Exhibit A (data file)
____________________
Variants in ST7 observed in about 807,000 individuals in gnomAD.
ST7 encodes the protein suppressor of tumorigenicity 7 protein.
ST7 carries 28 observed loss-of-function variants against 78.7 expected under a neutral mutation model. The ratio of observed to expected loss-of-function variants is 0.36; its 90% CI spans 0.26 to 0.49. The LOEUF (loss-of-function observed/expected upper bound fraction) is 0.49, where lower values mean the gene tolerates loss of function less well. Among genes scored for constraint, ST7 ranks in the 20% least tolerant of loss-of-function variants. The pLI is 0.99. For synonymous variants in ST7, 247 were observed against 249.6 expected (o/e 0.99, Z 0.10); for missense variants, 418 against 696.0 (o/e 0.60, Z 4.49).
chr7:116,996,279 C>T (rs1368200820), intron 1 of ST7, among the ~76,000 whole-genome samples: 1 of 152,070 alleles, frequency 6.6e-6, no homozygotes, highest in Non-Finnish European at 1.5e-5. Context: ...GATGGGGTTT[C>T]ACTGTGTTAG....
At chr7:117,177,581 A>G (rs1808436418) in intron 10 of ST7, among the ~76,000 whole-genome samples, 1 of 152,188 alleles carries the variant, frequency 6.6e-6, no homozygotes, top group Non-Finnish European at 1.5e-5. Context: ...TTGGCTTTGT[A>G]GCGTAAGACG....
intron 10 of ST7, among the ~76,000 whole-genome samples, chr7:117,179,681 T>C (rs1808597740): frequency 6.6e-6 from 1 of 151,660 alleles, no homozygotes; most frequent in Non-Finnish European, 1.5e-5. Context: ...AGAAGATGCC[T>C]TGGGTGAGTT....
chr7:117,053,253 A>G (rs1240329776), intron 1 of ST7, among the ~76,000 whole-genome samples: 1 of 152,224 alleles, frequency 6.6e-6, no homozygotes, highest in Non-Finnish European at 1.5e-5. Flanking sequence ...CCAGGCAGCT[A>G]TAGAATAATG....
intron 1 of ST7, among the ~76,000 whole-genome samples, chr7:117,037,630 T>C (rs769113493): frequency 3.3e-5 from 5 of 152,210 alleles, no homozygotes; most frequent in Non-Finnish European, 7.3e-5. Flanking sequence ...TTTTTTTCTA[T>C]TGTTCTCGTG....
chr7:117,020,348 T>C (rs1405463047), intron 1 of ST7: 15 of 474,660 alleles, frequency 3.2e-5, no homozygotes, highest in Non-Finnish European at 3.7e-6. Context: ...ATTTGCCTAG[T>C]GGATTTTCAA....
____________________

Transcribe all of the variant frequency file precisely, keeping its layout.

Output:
Variants in ST7 observed in about 807,000 individuals in gnomAD.
ST7 encodes the protein suppressor of tumorigenicity 7 protein.
ST7 carries 28 observed loss-of-function variants against 78.7 expected under a neutral mutation model. The ratio of observed to expected loss-of-function variants is 0.36; its 90% CI spans 0.26 to 0.49. The LOEUF (loss-of-function observed/expected upper bound fraction) is 0.49, where lower values mean the gene tolerates loss of function less well. Among genes scored for constraint, ST7 ranks in the 20% least tolerant of loss-of-function variants. The pLI is 0.99. For synonymous variants in ST7, 247 were observed against 249.6 expected (o/e 0.99, Z 0.10); for missense variants, 418 against 696.0 (o/e 0.60, Z 4.49).
chr7:116,996,279 C>T (rs1368200820), intron 1 of ST7, among the ~76,000 whole-genome samples: 1 of 152,070 alleles, frequency 6.6e-6, no homozygotes, highest in Non-Finnish European at 1.5e-5. Context: ...GATGGGGTTT[C>T]ACTGTGTTAG....
At chr7:117,177,581 A>G (rs1808436418) in intron 10 of ST7, among the ~76,000 whole-genome samples, 1 of 152,188 alleles carries the variant, frequency 6.6e-6, no homozygotes, top group Non-Finnish European at 1.5e-5. Context: ...TTGGCTTTGT[A>G]GCGTAAGACG....
intron 10 of ST7, among the ~76,000 whole-genome samples, chr7:117,179,681 T>C (rs1808597740): frequency 6.6e-6 from 1 of 151,660 alleles, no homozygotes; most frequent in Non-Finnish European, 1.5e-5. Context: ...AGAAGATGCC[T>C]TGGGTGAGTT....
chr7:117,053,253 A>G (rs1240329776), intron 1 of ST7, among the ~76,000 whole-genome samples: 1 of 152,224 alleles, frequency 6.6e-6, no homozygotes, highest in Non-Finnish European at 1.5e-5. Flanking sequence ...CCAGGCAGCT[A>G]TAGAATAATG....
intron 1 of ST7, among the ~76,000 whole-genome samples, chr7:117,037,630 T>C (rs769113493): frequency 3.3e-5 from 5 of 152,210 alleles, no homozygotes; most frequent in Non-Finnish European, 7.3e-5. Flanking sequence ...TTTTTTTCTA[T>C]TGTTCTCGTG....
chr7:117,020,348 T>C (rs1405463047), intron 1 of ST7: 15 of 474,660 alleles, frequency 3.2e-5, no homozygotes, highest in Non-Finnish European at 3.7e-6. Context: ...ATTTGCCTAG[T>C]GGATTTTCAA....